4 Best Practices When Planning A/B Testing Emails

4 Best Practices When Planning A/B Testing Emails

A/B testing is a great technique to optimize the emails you’re sending to your customers to improve open rates, click-through-rates, engagements, and, ultimately, conversions. However, effectively preparing for the A/B test is almost as important as the A/B test itself. When planning A/B tests, you should follow these best practices before ever executing your test emails.

1. Identify your goals before A/B testing

Before you begin A/B testing, you must identify your goal. There’s no reason to run split tests (or complete any marketing function) without a goal in mind. What element are you going to test and why? What do you hope to accomplish with the results? How much does an email variation have to win by in order for you to consider the test results conclusive?

Asking yourself these questions and determining your goal before setting up your A/B test will allow you to execute your A/B test in the most effective way possible.

2. Only A/B test one element at a time

In order to get to the root of the efficacy of an A/B test, it’s important to only test one element at a time.

For example, if you are testing subject line in Email A, then you need to test it against subject line for Email B.

You don’t want to change the image and call-to-action in Email B to test against the subject line in Email A. You’ll be comparing apples to oranges, and you won’t get a clear result as to which subject line performed better.

Test the subject line against the subject line, body copy against body copy, call-to-action against call-to-action, and so on.

3. Understand the difference between elements and variations

While you only want to focus on one element during an A/B test, you can certainly run multiple variations of that test under the same conditions.

The term A/B testing suggests that you are testing two different emails against each other (with the same element, such as Subject Line testing), but it’s possible to test more than two variations in an A/B/C/D test, for example. Just keep it under control and don’t go overboard with the number of variations or you’ll be too far in the weeds.

Keep in mind that you are only testing ONE element in each variation, so if you’re testing the subject lines in four emails, you should write four different subject lines but keep the same body copy and send those emails at the same time of day on the same day of the week.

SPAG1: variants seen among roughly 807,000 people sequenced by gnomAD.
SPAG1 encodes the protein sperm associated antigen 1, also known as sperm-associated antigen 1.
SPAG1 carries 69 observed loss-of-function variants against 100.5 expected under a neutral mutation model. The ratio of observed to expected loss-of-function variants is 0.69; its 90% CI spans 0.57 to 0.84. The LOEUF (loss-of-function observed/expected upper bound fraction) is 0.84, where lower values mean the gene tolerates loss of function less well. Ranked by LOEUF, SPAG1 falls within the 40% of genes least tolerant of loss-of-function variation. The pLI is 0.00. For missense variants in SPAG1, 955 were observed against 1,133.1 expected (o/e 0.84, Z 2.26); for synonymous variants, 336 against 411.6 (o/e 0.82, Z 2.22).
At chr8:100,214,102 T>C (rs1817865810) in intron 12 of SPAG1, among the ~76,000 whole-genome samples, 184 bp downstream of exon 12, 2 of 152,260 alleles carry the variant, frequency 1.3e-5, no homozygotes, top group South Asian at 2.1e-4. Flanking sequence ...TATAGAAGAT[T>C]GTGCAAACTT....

4. Make sure your A/B test sample sizes are adequate—and random

While running an A/B test with just 50 people is technically possible, it’s better to test with at least 1,000 people, so you have a large enough sample group to get true results.

The most common A/B testing type is A/B split testing, where you split your sample size down the middle and send 50% through Test A and 50% through Test B. It is possible to divide your sample size differently—for example, 10% get sent Test A and 90% get sent Test B, however, you’ll want to ensure your smallest test group has at least 500 people in it to yield the most telling evidence.

Also, randomly selecting the people in your test groups will help aid the efficacy of the test, but make sure the people in your test groups are from the same pool of people. For example, don’t send Test A to people from New York City and Test B to people from Philadelphia. If your pool is people from major East Coast cities, you should pull everyone from New York City, Philadelphia, Boston, Miami, etc. together, then randomly split that large pool of people into different test groups.

A/B testing shouldn’t be a one-time experiment. By following these best practices, you’ll be setting yourself up to execute, analyze, and optimize your A/B testing in the most reliable way to improve your email marketing.

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